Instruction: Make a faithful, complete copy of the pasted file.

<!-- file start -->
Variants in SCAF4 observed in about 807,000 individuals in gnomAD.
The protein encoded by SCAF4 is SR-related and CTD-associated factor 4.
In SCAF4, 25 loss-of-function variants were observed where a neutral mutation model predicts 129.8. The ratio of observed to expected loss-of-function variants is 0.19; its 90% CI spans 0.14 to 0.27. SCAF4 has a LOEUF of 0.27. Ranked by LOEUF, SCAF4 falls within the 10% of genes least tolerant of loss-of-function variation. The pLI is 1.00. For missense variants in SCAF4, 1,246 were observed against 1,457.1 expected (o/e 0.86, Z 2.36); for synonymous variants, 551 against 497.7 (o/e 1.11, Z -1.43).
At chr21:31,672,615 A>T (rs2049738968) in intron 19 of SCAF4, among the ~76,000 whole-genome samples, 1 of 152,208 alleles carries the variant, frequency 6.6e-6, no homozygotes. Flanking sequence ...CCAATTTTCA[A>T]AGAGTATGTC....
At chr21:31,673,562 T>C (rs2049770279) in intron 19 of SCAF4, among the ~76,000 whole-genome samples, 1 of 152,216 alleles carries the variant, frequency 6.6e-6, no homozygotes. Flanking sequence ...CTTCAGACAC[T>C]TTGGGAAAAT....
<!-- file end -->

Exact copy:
Variants in SCAF4 observed in about 807,000 individuals in gnomAD.
The protein encoded by SCAF4 is SR-related and CTD-associated factor 4.
In SCAF4, 25 loss-of-function variants were observed where a neutral mutation model predicts 129.8. The ratio of observed to expected loss-of-function variants is 0.19; its 90% CI spans 0.14 to 0.27. SCAF4 has a LOEUF of 0.27. Ranked by LOEUF, SCAF4 falls within the 10% of genes least tolerant of loss-of-function variation. The pLI is 1.00. For missense variants in SCAF4, 1,246 were observed against 1,457.1 expected (o/e 0.86, Z 2.36); for synonymous variants, 551 against 497.7 (o/e 1.11, Z -1.43).
At chr21:31,672,615 A>T (rs2049738968) in intron 19 of SCAF4, among the ~76,000 whole-genome samples, 1 of 152,208 alleles carries the variant, frequency 6.6e-6, no homozygotes. Flanking sequence ...CCAATTTTCA[A>T]AGAGTATGTC....
At chr21:31,673,562 T>C (rs2049770279) in intron 19 of SCAF4, among the ~76,000 whole-genome samples, 1 of 152,216 alleles carries the variant, frequency 6.6e-6, no homozygotes. Flanking sequence ...CTTCAGACAC[T>C]TTGGGAAAAT....